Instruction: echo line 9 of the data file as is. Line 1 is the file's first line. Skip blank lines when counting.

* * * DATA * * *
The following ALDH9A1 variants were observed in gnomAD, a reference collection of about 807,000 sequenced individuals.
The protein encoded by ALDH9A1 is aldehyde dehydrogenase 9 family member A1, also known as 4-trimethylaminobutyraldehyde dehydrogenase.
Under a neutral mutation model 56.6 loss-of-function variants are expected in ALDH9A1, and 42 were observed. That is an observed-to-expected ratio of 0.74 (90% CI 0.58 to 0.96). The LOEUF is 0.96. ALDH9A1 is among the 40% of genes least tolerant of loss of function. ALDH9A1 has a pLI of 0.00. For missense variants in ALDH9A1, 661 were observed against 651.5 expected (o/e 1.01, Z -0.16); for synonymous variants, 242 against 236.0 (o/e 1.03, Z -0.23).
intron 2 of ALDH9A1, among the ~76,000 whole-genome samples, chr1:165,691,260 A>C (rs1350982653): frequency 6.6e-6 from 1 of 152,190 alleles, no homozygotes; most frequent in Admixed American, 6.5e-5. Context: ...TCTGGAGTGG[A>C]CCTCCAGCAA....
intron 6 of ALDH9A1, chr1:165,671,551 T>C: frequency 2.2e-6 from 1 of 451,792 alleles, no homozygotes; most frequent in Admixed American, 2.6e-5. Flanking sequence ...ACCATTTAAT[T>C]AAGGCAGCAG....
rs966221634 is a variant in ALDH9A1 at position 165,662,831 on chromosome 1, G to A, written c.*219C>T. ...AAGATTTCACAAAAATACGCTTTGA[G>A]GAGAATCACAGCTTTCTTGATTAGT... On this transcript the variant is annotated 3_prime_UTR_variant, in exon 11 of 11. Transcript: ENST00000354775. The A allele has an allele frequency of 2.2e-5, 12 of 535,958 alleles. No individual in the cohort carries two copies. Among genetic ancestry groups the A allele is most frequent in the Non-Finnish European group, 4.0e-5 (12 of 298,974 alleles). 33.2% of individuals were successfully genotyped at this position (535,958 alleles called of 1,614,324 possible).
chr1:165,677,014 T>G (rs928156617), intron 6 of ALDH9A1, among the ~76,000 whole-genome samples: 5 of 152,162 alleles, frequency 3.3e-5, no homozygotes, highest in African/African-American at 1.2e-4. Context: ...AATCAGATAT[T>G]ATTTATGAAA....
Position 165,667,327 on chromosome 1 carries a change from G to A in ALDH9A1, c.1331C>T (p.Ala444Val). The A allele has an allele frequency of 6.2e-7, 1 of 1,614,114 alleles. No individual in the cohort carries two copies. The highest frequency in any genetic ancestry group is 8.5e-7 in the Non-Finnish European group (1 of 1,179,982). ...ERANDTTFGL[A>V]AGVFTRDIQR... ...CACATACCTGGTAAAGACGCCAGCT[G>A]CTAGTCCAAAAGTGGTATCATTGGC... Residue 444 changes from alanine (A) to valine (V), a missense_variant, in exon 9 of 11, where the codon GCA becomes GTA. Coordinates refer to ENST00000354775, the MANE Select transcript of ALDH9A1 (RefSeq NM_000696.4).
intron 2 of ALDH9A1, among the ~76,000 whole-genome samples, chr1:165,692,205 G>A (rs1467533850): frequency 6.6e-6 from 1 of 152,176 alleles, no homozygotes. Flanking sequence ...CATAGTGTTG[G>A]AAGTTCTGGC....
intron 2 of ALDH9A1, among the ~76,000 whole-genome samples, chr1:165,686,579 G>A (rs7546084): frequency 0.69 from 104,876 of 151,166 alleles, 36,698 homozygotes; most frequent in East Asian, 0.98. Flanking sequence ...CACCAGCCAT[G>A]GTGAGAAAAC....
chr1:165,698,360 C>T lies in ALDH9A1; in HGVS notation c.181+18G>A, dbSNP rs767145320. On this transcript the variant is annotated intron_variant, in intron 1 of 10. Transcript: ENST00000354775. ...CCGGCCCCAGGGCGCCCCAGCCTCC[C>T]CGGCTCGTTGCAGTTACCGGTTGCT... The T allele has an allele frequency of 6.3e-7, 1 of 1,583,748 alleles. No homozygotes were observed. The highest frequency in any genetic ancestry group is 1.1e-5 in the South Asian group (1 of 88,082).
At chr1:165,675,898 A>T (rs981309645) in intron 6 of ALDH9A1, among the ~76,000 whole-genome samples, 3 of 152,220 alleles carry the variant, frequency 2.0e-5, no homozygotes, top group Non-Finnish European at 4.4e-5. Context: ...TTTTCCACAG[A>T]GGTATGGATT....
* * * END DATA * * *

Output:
intron 2 of ALDH9A1, among the ~76,000 whole-genome samples, chr1:165,692,205 G>A (rs1467533850): frequency 6.6e-6 from 1 of 152,176 alleles, no homozygotes. Flanking sequence ...CATAGTGTTG[G>A]AAGTTCTGGC....